I am cold. It is nine degrees celcius here right now and it has been raining for several days and I am chilled to the bone. And if one more person, upon hearing how cold I feel, says to me "but your Canadian", I am going to punch them in the face. I know I am Canadian, I renewed my passport last week at the Canadian Embassy. That was a dead giveaway.
So consider yourselves warned.
Israel is experiencing below seasonal temperatures. This isn't particularly newsworthy because the entire world seems to be in temperature flux these days. What is interesting are the weather-related observations.
1. As I have mentioned many times on these electronic pages, buildings in Israel are built with cement blocks and there is no insulation added. Why? It seems so obvious to me, the non-builder. When I Googled "sheets of insulation for sale" I got more than three million options. I am sure we could have lots of it shipped here. And if we made a bulk order for the entire country, I am pretty sure we could get a good deal. (Ken Nichols Insulation in Sullivan, IL, is offering excellent discount prices.)
2. Saying you are sick and tired of the rain in Israel is pretty much the same as saying you are sick and tired of your grandmother (as you set her out to sea on an ice floe). Try saying that in Israeli company and let me know if you live to see tomorrow. Israel needs rain; well, the Kinneret (Sea of Galilee) in particular needs rain. And since rain is considered a blessing from God in these parts, one has to be out of one's mind to complain publicly about it. Ever. That said, I would like to know why the Almighty can't improve His aim and send the water where it needs to go?
3. One of my friends here is from the Canadian Midwest. He likes to tell me every few years how not cold it is here. He knows cold and this isn't it. He tells me that he doesn't even wear a jacket in the winter when he is in Israel (I don't believe him but I don't have time to stalk him and catch him in the act of jacket wearing). Of course, he spends a lot of time in the Northeastern United States which means that, relatively speaking, he is right. His body's temperature memory is still operational. Mine is not. I live here more consistently than he does. Nine celcius is the new minus 30 for me.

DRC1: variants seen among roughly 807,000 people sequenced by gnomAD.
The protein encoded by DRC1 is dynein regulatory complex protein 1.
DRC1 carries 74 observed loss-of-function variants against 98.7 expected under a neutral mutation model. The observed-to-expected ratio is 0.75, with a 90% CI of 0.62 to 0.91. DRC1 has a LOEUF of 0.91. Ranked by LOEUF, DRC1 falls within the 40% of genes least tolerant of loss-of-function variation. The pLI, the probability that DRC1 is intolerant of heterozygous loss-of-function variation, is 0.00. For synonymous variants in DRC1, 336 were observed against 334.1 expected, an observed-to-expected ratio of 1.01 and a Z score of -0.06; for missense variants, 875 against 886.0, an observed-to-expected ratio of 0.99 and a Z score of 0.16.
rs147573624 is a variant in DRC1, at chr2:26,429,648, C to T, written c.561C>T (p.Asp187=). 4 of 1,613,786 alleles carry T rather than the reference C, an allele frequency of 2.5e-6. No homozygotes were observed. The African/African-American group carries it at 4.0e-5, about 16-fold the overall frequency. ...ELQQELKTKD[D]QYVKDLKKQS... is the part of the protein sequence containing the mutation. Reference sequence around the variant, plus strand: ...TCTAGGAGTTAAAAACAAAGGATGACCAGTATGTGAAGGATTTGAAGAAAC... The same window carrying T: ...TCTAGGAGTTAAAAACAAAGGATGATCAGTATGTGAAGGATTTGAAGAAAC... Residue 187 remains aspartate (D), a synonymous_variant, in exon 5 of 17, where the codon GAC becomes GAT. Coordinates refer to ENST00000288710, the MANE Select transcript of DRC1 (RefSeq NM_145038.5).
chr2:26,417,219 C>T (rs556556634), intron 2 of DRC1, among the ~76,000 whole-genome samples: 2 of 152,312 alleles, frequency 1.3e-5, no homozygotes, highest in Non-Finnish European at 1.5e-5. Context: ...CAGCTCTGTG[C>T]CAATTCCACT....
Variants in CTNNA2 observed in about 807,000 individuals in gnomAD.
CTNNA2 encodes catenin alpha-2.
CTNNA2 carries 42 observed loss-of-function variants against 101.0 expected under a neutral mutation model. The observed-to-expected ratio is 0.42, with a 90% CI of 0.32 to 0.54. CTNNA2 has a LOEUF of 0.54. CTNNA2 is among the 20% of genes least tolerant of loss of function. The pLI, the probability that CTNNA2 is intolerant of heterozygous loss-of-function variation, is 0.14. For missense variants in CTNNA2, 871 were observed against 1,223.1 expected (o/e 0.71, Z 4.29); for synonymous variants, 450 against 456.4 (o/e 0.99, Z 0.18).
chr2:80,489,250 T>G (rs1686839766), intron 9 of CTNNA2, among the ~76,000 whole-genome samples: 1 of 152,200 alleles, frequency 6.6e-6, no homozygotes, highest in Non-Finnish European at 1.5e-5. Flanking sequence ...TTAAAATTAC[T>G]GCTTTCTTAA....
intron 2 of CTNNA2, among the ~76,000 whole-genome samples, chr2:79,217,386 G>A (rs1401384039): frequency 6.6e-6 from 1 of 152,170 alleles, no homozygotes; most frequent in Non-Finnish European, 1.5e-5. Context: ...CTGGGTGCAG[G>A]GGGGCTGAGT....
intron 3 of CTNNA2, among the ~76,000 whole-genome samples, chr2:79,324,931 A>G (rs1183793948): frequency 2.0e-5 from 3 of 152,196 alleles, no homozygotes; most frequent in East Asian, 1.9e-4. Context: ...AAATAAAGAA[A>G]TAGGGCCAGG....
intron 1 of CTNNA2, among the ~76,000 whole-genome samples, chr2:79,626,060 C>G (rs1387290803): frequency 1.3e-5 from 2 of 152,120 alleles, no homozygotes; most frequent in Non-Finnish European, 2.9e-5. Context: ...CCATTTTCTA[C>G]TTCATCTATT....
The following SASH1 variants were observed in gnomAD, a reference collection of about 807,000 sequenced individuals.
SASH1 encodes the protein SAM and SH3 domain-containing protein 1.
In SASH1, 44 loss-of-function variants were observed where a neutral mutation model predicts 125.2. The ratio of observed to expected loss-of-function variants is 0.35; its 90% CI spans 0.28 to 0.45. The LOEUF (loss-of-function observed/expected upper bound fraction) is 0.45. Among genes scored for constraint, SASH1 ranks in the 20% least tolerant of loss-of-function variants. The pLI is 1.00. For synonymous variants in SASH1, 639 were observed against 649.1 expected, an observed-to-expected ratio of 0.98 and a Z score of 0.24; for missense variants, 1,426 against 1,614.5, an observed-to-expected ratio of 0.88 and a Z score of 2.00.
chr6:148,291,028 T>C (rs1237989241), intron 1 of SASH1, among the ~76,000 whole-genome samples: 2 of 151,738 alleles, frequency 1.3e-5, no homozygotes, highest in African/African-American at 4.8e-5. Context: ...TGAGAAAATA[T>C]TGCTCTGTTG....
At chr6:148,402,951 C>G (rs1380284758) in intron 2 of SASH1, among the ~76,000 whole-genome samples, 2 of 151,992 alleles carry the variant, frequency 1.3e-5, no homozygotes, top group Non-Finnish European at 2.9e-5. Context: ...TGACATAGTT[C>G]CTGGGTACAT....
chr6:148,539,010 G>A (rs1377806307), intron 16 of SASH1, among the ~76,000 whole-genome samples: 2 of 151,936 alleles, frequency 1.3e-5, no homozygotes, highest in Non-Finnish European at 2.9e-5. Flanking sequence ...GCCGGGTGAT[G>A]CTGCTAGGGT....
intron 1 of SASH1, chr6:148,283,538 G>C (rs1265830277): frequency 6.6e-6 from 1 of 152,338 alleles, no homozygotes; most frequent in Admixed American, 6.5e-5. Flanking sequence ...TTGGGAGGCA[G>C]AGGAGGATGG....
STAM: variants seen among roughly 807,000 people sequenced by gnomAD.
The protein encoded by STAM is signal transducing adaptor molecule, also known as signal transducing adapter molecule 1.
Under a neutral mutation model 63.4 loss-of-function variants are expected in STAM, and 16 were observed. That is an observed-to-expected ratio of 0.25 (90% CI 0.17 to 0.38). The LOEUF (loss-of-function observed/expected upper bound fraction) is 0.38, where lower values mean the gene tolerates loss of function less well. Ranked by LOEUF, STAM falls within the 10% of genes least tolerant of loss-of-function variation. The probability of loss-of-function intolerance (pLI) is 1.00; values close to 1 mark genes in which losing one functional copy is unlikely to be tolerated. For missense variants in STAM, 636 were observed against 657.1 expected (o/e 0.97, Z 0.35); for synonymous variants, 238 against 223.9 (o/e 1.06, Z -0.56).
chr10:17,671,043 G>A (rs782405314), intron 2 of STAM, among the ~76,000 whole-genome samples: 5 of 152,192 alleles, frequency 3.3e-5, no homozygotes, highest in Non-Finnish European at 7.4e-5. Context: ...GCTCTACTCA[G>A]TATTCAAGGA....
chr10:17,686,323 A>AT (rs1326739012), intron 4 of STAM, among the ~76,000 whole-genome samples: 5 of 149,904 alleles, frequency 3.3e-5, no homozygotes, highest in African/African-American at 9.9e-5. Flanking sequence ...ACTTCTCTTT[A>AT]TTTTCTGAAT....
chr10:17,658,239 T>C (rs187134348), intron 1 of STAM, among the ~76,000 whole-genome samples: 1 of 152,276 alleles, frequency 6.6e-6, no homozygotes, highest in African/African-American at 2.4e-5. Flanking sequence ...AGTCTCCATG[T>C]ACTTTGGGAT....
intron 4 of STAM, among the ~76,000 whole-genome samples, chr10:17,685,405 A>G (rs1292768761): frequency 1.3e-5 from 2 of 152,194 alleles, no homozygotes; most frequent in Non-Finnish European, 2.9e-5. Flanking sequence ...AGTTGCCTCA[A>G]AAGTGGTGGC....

4. Why does my country of birth have any bearing on how cold I feel? No one questions the people from Detroit. Or Chicago. Or Cleveland. It is definitely as cold or colder in those places as it is in Toronto. And what does the place I come from15 years ago have to do with me being cold today? And does that mean that everyone who survived a week of deep winter skiing should be able to tolerate cold? Don't you think that being away from the real cold for 15 years would allow your body to forget? For Heaven's sake, this isn't riding a bicycle.
5. It is often warmer outside your home than inside. Seriously. Sometimes in the winter, I go outside in search of the noonday sun and even if that means sitting on a curb with my lunch in hand, and playing stupid games on my phone for 20 minutes, I do it. I once took the newspaper and sat in my car while the sun was beating directly onto the front windshield. When my neighbour spotted me and asked me what I was doing, I told him I was having quiet time in my auxiliary den. Unfortunately, in this past week, the sun took a vacation in Ethiopia and my auxiliary living space is unoccupied.
Now it is bedtime and it is time to head to my cryogenic-lab-temperature-approved bedroom. If I survive until the morning I am definitely going to contact Ken Nicols.